The most anticipated Ashes since 2005?


England @ 7/5
Draw @ 10/3
Australia @ 13/10
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  • Anderson and Broad to take three or more wickets each in the first innings @ 4/1
  • Boland and Robinson to take five or more wickets combined in the first innings @ 9/2
  • Brook and Head to get a half-century in the first innings @ 6/1

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In the last 12 months England have rejuvenated Test cricket and relaunched a love for a format which, for many, was seen as dying. The emergence of ‘Bazball’ has led to England winning 11 out of their last 14 Tests in a fashion which has resulted in this Ashes being one of the most highly anticipated series since the epic of 2005. The battle of England vs Australia is one rooted in history and this next chapter shouldn’t disappoint.

Last week’s thrashing of India by the Australians lay down a benchmark to a confident England fan base. Will this preparation against some of the world’s best prove pivotal versus England’s warm up against a sub-par Ireland? There are some big questions which remain on the eve of the biggest series in the cricket calendar.

“He just messaged me with one word and a question mark – ‘Ashes?”

Will Ben Stokes bowl?

A lot has been made about the fitness and health of England’s leading man. With his heroics in 2019 hard to forget, for many Stokes is seen as the deciding factor in whether England can reclaim the Ashes. In the lead up to this series Stokes is yet to bowl more than 12 deliveries in training and his last competitive delivery came back in April in the IPL. Noises from the England camp suggest that he is pushing hard to fulfil his role as the all-rounder in the side, but with only hours until the first Test, it remains to be seen whether he will be able to overcome the chronic left knee tendinitis that has been restricting him for the majority of 2023.

Stokes has had his say and insisted he will fulfil his role as an all-rounder, even if at times he has to rely on adrenaline to get him through. Having watched him hobble around at Lords, wincing and limping after he took a fairly regulation catch, one has to think, is he a man capable of fulfilling a role as an enforcer bowling consistently in the mid 80’s? But then it is of course Ben Stokes we are talking about. Has this man let us down in recent years, almost never, and as he told the BBC, “I am definitely on course to bowl in the first Test,” so why should we doubt him!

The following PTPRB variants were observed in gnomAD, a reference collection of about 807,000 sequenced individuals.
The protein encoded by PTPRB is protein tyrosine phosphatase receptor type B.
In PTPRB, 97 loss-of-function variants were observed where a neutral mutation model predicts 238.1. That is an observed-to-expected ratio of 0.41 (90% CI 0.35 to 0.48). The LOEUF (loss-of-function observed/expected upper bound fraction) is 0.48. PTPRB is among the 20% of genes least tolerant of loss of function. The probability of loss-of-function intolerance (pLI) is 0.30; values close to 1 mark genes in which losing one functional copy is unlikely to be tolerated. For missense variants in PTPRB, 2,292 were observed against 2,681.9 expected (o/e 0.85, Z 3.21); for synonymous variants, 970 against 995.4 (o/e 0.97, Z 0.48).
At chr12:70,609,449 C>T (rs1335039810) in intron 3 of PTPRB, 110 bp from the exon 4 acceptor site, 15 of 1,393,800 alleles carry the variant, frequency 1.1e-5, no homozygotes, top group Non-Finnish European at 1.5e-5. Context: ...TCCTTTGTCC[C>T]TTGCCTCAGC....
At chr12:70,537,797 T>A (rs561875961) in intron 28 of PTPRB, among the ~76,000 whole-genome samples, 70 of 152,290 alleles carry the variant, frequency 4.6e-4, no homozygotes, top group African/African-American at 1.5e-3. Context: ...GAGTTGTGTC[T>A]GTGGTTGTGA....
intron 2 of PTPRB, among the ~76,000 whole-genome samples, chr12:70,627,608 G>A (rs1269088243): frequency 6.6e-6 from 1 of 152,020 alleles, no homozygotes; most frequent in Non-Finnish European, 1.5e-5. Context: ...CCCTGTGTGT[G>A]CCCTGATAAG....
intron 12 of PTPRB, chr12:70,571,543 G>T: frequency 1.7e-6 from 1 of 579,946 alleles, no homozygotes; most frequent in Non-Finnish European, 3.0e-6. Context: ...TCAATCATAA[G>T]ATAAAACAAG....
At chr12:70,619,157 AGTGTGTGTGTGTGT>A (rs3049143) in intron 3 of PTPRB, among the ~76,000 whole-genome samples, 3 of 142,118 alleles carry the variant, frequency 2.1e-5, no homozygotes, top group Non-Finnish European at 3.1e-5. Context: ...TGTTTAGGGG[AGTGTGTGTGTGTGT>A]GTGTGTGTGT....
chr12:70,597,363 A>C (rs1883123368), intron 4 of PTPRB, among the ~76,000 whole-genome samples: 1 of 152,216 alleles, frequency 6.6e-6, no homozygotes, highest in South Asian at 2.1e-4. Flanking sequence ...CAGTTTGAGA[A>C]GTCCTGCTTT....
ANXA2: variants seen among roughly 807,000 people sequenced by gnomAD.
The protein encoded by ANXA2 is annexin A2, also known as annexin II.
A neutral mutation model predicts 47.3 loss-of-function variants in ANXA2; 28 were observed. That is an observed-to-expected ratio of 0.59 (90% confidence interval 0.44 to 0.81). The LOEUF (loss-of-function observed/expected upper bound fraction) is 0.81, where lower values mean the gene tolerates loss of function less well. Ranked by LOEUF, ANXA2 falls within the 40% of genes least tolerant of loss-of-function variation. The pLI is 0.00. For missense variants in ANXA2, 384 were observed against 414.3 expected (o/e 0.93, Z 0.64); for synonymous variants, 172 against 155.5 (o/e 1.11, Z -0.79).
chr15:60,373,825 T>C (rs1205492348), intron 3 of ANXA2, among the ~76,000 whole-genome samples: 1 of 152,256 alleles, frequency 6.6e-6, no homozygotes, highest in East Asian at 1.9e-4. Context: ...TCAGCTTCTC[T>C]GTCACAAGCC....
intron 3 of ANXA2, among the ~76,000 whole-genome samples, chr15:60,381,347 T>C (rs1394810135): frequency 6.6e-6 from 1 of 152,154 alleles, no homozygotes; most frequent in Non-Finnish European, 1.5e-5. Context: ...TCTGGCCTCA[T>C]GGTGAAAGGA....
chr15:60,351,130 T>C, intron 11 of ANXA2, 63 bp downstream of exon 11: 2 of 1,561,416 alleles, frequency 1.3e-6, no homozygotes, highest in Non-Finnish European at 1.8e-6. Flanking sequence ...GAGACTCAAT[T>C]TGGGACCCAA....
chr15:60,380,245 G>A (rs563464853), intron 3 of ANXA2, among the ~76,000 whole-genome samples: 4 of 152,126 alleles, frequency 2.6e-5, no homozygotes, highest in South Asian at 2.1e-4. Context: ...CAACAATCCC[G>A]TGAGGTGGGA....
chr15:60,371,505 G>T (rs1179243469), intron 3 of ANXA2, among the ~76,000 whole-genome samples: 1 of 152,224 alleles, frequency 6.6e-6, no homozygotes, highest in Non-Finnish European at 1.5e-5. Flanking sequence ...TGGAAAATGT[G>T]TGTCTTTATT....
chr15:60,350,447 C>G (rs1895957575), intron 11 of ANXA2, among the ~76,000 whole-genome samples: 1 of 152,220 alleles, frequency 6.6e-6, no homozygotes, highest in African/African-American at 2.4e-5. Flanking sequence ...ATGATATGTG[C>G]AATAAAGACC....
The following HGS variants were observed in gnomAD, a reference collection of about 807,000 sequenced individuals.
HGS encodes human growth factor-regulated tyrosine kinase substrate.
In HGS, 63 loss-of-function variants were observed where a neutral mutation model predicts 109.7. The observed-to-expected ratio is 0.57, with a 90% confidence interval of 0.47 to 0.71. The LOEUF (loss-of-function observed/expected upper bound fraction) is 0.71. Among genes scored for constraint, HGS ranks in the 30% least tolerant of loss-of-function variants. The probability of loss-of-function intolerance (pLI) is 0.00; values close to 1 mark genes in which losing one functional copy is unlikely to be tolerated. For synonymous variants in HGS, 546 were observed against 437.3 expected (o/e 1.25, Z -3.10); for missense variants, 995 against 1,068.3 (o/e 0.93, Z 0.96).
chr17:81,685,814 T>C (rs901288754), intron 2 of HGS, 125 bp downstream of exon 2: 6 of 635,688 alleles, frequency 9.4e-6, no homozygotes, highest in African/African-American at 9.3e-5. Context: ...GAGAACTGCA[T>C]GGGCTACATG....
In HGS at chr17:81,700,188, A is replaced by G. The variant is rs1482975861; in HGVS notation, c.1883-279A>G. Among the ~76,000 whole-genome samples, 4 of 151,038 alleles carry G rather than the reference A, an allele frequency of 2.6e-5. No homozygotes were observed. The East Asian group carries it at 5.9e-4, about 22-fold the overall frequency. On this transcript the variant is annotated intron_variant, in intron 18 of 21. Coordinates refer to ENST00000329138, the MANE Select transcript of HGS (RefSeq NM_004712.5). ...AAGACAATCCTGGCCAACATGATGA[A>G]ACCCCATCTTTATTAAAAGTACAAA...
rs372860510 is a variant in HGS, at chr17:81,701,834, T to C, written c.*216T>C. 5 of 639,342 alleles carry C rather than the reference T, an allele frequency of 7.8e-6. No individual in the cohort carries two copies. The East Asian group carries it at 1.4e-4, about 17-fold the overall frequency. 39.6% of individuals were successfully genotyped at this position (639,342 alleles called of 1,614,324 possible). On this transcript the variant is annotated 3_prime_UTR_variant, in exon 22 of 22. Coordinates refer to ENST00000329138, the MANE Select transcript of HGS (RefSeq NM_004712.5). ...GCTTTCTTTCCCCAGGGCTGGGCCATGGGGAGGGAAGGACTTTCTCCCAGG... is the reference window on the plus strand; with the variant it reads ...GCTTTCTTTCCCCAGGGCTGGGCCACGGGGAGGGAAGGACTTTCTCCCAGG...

Is Moeen Ali’s return a masterstroke or a panic reaction?

“He just messaged me with one word and a question mark – ‘Ashes?”

Moeen Ali revealed just how his recall back into the England red ball set up earlier this week occurred, with the relaxed nature of this process epitomising the new era under Stokes and McCullum. A simple text message from the captain of the side is all it took to bring a previous England stalwart out of retirement, only a few months after he insisted that he was done with this format for good.

The news that Jack Leach, who has enjoyed his best year in an England shirt to date, has been ruled out for the entire summer, could have caused a major panic among the ranks, and some have called this decision to recall Moeen just that. Can a man who struggled so dearly two years ago, come into this side and fulfil the role as a front-line spinner?

Despite a wealth of exciting talents pushing for a call up, Mooen is the man to whom Stokes turned in his moment of need. The fact is, England know what they’re getting. They have a man with a wealth of experience and who fits the ‘Bazball’ DNA seamlessly. Not only does he offer a genuine threat with the ball, but he adds to an already strong batting line-up. With Bairstow and Stokes down to bat at six and seven, Moeen can slot in at eight, and with that line-up, the amount of runs which could be scored is unthinkable.

Bairstow instead of Foakes? Brave or Reckless?

Towards the end of last summer it appeared England had finally found their best XI. Bairstow at five, and Foakes at seven with the gloves. All seemed well before Harry Brook staked his claim for a starting berth. When he finally got his opportunity due to Bairstow’s injury, what followed can only be described as emphatic. Seven matches and eleven innings later, Brook averages just shy of 89 with four Test centuries and 818 runs to his name. On this form he is quite simply undroppable and has made that no.5 spot his own.

Ahead of the Ashes, this left selectors with a decision to make. Keep the reliable Ben Foakes in the side or bring back Jonny Bairstow, who before his freak accident had been enjoying the summer of his career? Foakes meanwhile has been dubbed one of the greatest keepers in the world cricket today, and his batting steady and consistent to go alongside it. While this is undoubtedly pleasant headache for Stokes and co., only one can play.

In the end it is Bairstow who has got the nod. McCullum has said that he was never in doubt. Is it harsh on Foakes? Yes. That doesn’t mean its not the right decision. At least we won’t have to wait long to find out. This won’t be the end of the road for Ben Foakes though, with a tour to the sub-continent on the horizon, he will certainly have a key role to play.

The verdict

After the 4-0 thrashing Down Under two winters ago, England are out for revenge and a first Ashes win since 2015. Australia, meanwhile, as newly crowned Test champions, are looking for a first series win on English soil since 2001. This will be the toughest exam yet for England’s new era, and the Aussies would love to be the side to bring them back down to earth. With so much on the line, and seven weeks of high-class sport, drama and entertainment are guaranteed.

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